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The Trustee communicates issues affecting libraries and library services. Once a library and systems join LTA, all their trustees automatically receive this quarterly publication published by LTA. To learn more about membership in LTA, Click Here.
In This Issue
- President's Memo: You're A Community Leader
- Editorial: Let's Develop Some Workable Solutions
- From The Desk Of The Sub-committee Chair
- Legislative Legislative Update
- Letters Make A Difference
- Comments To My NYSALB Colleagues
- NYLA Says ... Help Support Libraries -- Let's Send Letters!!!
- "New Century Libraries" Web Site Makes Materials Easy To Access
- Advocacy Tool Kits To Libraries And Branches
- Advocacy Workshops From State Library And Libraries For The Future Reach Out To Trustees
- Investment Policy -- Asset Allocation for Libraries
- The Fundraising Feasibility Study
- A Community in Canada
- The Library Circuit: Massapequa Public Library
- THE TRUSTEE
From The Desk Of The Sub-committee Chair
Senator Hugh T. Farley
Fall 2001 issue of Trustee
As a library trustee, are you setting a good example? Do you use your library -- really use your library -- for the information you need in your business or profession?
The Friends of the New York State Library recently reminded State legislators of some of the legal and legislative resources available at the State Library. Using an example of legislation being discussed in the Senate and Assembly, the article in the State Library News identified sources of information in support of, and in opposition to, the bill.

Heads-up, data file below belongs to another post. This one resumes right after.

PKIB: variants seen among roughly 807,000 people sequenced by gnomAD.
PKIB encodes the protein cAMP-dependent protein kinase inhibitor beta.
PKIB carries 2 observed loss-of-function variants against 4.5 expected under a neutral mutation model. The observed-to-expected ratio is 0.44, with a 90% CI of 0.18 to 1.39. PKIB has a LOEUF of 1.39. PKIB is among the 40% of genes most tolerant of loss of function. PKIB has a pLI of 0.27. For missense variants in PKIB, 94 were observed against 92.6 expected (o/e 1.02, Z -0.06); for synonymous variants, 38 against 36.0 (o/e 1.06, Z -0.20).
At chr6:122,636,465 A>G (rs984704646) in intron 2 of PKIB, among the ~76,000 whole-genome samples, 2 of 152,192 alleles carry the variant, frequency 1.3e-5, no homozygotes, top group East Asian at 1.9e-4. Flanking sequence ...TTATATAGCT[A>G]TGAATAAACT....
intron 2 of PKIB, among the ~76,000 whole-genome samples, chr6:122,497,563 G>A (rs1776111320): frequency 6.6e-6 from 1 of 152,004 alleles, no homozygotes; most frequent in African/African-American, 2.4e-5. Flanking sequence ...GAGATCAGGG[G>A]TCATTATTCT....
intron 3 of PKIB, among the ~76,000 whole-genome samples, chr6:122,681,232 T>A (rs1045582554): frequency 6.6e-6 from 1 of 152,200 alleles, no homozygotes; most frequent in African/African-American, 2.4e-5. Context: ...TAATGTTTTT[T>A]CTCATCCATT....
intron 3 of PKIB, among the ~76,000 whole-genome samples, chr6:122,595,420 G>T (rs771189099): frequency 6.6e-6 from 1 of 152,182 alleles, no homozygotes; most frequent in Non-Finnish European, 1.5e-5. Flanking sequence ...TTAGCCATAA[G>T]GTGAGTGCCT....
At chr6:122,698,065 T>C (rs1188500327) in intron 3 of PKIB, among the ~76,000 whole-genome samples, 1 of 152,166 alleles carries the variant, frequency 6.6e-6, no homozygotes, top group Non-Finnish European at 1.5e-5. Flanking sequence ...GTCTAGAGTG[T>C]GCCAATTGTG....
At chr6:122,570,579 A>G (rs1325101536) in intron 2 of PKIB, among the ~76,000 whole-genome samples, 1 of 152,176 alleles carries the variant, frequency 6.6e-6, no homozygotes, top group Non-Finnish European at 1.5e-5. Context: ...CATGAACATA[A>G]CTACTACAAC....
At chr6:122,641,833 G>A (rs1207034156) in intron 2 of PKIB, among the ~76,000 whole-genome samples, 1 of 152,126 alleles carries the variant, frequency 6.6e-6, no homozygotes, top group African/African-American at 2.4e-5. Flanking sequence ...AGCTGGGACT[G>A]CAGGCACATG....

The article then described a comprehensive new online service from the State Library. "State Capital Universe" provides access to bills, laws, and regulations in all 50 states, enabling users to analyze trends and to compare laws in the different states. Available 24 hours a day to registered borrowers of the State Library, this is an example of a library resource which we in the Legislature should be using.
Here's another example of the use of library resources in my job as a legislator. New York State recently outlawed the use of handheld wireless telephones while driving. Many legislators who voted in favor of the law did so based on a survey indicating that 85 percent of voters support such a ban.
I voted against the proposal, in part because of general civil liberties concerns, but in part because of my research on the topic. My survey of the literature showed that there is little definitive science on the subject. Most work to date suggests that wireless telephone use is likely no more dangerous than other driver distractions. It is also quite possible that the distraction arises from the process of talking, not from the dexterity issue of holding both the telephone and the steering wheel. The law, however, permits the use of speakerphones or headsets.
Hence, someone who has done the research -- be it a legislator who voted for the bill or a citizen who was among the 85 percent polled in support of the ban -- should have serious questions about the value of the new law.
Our libraries are treasure troves of information for businesses and professions. Some libraries have developed specialized collections to meet the research needs of local industries. Others have built services which leverage library resources to meet a specific community need. The Schenectady County Library's job-hunting program, which includes help with resume writing and interviewing skills, grew out of the dark days of corporate layoffs. In today's booming economy, employers and employees alike continue to benefit from the library's services.
Trustees, and those of us who consider ourselves library supporters, need to be among the most active users of library services. That way, we can speak from positive experience when we say: "Here is what the library has done for me."